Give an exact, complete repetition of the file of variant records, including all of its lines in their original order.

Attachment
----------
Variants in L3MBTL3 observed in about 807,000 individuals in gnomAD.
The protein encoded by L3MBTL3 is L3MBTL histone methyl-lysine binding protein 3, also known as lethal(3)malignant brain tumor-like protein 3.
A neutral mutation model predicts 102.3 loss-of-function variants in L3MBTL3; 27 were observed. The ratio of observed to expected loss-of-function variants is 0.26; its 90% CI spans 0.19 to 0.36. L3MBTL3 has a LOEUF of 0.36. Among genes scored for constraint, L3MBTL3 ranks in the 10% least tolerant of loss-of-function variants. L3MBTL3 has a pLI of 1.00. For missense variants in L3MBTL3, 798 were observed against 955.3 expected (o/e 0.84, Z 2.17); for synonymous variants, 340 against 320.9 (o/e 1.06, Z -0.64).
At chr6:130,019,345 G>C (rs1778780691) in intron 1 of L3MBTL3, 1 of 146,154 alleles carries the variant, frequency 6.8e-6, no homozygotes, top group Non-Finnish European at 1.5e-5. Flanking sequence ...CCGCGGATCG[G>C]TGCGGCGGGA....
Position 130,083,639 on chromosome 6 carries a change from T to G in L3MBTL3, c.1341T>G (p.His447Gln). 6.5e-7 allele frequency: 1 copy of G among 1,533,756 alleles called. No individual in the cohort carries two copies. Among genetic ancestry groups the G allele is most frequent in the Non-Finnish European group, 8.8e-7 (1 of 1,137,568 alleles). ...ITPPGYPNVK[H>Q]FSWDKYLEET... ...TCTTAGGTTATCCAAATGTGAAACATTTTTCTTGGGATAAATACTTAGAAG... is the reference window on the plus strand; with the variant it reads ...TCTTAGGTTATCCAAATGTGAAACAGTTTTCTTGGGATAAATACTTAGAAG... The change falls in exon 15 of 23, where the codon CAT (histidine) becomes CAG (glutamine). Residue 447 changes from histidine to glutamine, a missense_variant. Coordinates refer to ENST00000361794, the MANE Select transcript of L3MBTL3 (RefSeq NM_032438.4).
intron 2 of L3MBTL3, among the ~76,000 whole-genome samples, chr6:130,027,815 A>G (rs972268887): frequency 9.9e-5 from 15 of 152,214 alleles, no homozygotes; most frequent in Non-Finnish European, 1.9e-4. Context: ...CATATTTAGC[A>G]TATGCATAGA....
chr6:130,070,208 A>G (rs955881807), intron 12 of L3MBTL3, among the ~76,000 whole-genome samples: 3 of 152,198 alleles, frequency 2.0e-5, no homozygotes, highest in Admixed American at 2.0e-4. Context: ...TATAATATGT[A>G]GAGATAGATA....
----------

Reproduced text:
Variants in L3MBTL3 observed in about 807,000 individuals in gnomAD.
The protein encoded by L3MBTL3 is L3MBTL histone methyl-lysine binding protein 3, also known as lethal(3)malignant brain tumor-like protein 3.
A neutral mutation model predicts 102.3 loss-of-function variants in L3MBTL3; 27 were observed. The ratio of observed to expected loss-of-function variants is 0.26; its 90% CI spans 0.19 to 0.36. L3MBTL3 has a LOEUF of 0.36. Among genes scored for constraint, L3MBTL3 ranks in the 10% least tolerant of loss-of-function variants. L3MBTL3 has a pLI of 1.00. For missense variants in L3MBTL3, 798 were observed against 955.3 expected (o/e 0.84, Z 2.17); for synonymous variants, 340 against 320.9 (o/e 1.06, Z -0.64).
At chr6:130,019,345 G>C (rs1778780691) in intron 1 of L3MBTL3, 1 of 146,154 alleles carries the variant, frequency 6.8e-6, no homozygotes, top group Non-Finnish European at 1.5e-5. Flanking sequence ...CCGCGGATCG[G>C]TGCGGCGGGA....
Position 130,083,639 on chromosome 6 carries a change from T to G in L3MBTL3, c.1341T>G (p.His447Gln). 6.5e-7 allele frequency: 1 copy of G among 1,533,756 alleles called. No individual in the cohort carries two copies. Among genetic ancestry groups the G allele is most frequent in the Non-Finnish European group, 8.8e-7 (1 of 1,137,568 alleles). ...ITPPGYPNVK[H>Q]FSWDKYLEET... ...TCTTAGGTTATCCAAATGTGAAACATTTTTCTTGGGATAAATACTTAGAAG... is the reference window on the plus strand; with the variant it reads ...TCTTAGGTTATCCAAATGTGAAACAGTTTTCTTGGGATAAATACTTAGAAG... The change falls in exon 15 of 23, where the codon CAT (histidine) becomes CAG (glutamine). Residue 447 changes from histidine to glutamine, a missense_variant. Coordinates refer to ENST00000361794, the MANE Select transcript of L3MBTL3 (RefSeq NM_032438.4).
intron 2 of L3MBTL3, among the ~76,000 whole-genome samples, chr6:130,027,815 A>G (rs972268887): frequency 9.9e-5 from 15 of 152,214 alleles, no homozygotes; most frequent in Non-Finnish European, 1.9e-4. Context: ...CATATTTAGC[A>G]TATGCATAGA....
chr6:130,070,208 A>G (rs955881807), intron 12 of L3MBTL3, among the ~76,000 whole-genome samples: 3 of 152,198 alleles, frequency 2.0e-5, no homozygotes, highest in Admixed American at 2.0e-4. Context: ...TATAATATGT[A>G]GAGATAGATA....